In the meantime this news story is waxing somewhat more enthusiastic than I can justify with the areal maps of the fifteenth. Here is hoping that a nifty algorithm is at work and this is not simply journalistic license. Otherwise it is a good update on current coverage and we have plenty of eyeballs this year.

U.S. scientists sound alarm over Arctic ice as Harper poised for visit

Randy Boswell , Canwest News Service

Published: Monday, August 25, 2008

With an election-primed Stephen Harper poised to touch down Tuesday in Inuvik to begin a three-day visit to northern Canada, scientists tracking the ongoing Arctic meltdown are sounding new warnings about the state of the polar environment in an era of evidently rapid climate change.

The latest satellite analysis of this summer's sea-ice retreat, released Monday by the U.S. National Snow and Ice Data Center, showed a decline close to matching last year's record-setting thaw, and experts at the Colorado-based centre noted that key Arctic shipping routes have now opened in both the Canadian Arctic archipelago and in Russia's northern waters.

"Sea ice extent is declining at a fairly brisk and steady pace," the NSIDC said, reporting a total retreat to about 5.5 million square kilometres with up to three weeks of melting left to go.

Sea ice extent is declining at a fairly brisk and steady pace, the U.S. National Snow and Ice Data Center has warned.

Last year's retreat reached an all-time low of about 4.3 million square kilometres by mid-September, a melt that has stoked unprecedented international interest in Arctic shipping, tourism and oil and gas development.
"Amundsen's Northwest Passage is now navigable," the centre said, referring to the southerly route near the Canadian mainland first traversed by Norwegian explorer Roald Amundsen in 1906. "The wider, deeper Northwest Passage through Parry Channel may also open in a matter of days. The Northern Sea Route along the Eurasian coast is clear."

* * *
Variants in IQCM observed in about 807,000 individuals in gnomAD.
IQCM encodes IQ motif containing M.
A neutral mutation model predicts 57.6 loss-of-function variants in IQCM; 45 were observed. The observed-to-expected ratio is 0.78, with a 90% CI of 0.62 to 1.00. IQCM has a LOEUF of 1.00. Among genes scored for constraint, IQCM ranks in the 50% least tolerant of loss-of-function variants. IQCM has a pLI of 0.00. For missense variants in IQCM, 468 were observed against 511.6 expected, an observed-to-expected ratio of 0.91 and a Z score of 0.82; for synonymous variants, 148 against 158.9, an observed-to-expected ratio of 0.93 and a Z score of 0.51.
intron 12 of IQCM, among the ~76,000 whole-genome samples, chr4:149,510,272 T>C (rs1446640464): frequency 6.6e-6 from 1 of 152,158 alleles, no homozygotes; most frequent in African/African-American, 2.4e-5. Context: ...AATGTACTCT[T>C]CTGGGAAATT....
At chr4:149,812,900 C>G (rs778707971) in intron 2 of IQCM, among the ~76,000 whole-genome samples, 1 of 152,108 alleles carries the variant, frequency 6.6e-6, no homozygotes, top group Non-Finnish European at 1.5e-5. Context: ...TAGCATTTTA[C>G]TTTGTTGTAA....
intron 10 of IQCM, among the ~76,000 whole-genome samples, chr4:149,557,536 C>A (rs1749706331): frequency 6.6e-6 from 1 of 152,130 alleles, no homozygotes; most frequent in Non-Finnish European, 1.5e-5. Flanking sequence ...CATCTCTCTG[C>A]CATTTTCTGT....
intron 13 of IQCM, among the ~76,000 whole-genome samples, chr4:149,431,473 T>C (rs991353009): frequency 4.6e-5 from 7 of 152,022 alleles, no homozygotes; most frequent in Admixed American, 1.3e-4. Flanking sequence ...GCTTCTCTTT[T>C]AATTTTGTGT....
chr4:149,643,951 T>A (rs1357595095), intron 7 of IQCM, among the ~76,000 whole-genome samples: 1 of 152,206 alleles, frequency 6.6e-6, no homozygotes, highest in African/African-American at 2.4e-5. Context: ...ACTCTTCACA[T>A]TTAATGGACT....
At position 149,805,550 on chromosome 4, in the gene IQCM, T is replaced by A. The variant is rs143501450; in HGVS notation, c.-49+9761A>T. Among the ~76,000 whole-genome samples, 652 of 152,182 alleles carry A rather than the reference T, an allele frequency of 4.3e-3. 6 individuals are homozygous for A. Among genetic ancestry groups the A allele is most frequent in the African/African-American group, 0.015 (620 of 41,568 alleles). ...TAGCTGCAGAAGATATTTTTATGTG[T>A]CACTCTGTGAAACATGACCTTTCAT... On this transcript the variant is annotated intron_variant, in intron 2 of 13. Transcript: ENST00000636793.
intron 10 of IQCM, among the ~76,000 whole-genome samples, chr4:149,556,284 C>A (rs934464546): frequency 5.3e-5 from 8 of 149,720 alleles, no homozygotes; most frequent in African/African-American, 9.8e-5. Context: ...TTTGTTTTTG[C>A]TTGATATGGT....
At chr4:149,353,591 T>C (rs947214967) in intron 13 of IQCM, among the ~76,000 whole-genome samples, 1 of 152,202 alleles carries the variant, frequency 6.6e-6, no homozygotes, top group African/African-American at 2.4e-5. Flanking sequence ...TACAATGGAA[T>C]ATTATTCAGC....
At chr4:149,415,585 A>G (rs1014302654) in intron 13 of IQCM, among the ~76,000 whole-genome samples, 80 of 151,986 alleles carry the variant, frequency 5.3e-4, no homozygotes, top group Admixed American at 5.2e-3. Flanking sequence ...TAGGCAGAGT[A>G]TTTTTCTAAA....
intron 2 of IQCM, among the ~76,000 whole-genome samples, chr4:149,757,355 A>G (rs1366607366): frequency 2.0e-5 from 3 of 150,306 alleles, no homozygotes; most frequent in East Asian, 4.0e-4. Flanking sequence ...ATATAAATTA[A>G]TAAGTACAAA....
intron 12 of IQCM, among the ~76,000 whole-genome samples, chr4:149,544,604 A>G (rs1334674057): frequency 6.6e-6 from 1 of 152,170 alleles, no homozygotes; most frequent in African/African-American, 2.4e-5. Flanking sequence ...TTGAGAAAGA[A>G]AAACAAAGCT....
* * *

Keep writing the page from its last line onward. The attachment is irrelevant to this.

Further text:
That news follows a series of reports in recent days highlighting the impact of rising temperatures across the world's northern latitudes - a newly discovered crack threatening a Greenland glacier; eroding shorelines in communities across the Canadian Arctic; and polar bears swimming in dangerously open waters of the Chukchi Sea north of Alaska, far from the safe harbour of any land or ice floe.

"There were some years when some bears may have had to swim as far as 100 miles," Steven Amstrup, the senior polar bear scientist with the United States Geological Survey in Alaska, told the New York Times this week. "Now the ice is much farther offshore, more consistently and for longer. So the possibility of long distances between land and sea ice is much greater."

Meanwhile, a U.S. study published Sunday in the British journal Nature Geoscience suggests thawing permafrost in polar regions will unlock up to 60 per cent more carbon dioxide than previously believed, potentially amplifying the greenhouse effect already widely blamed for the current Arctic warming.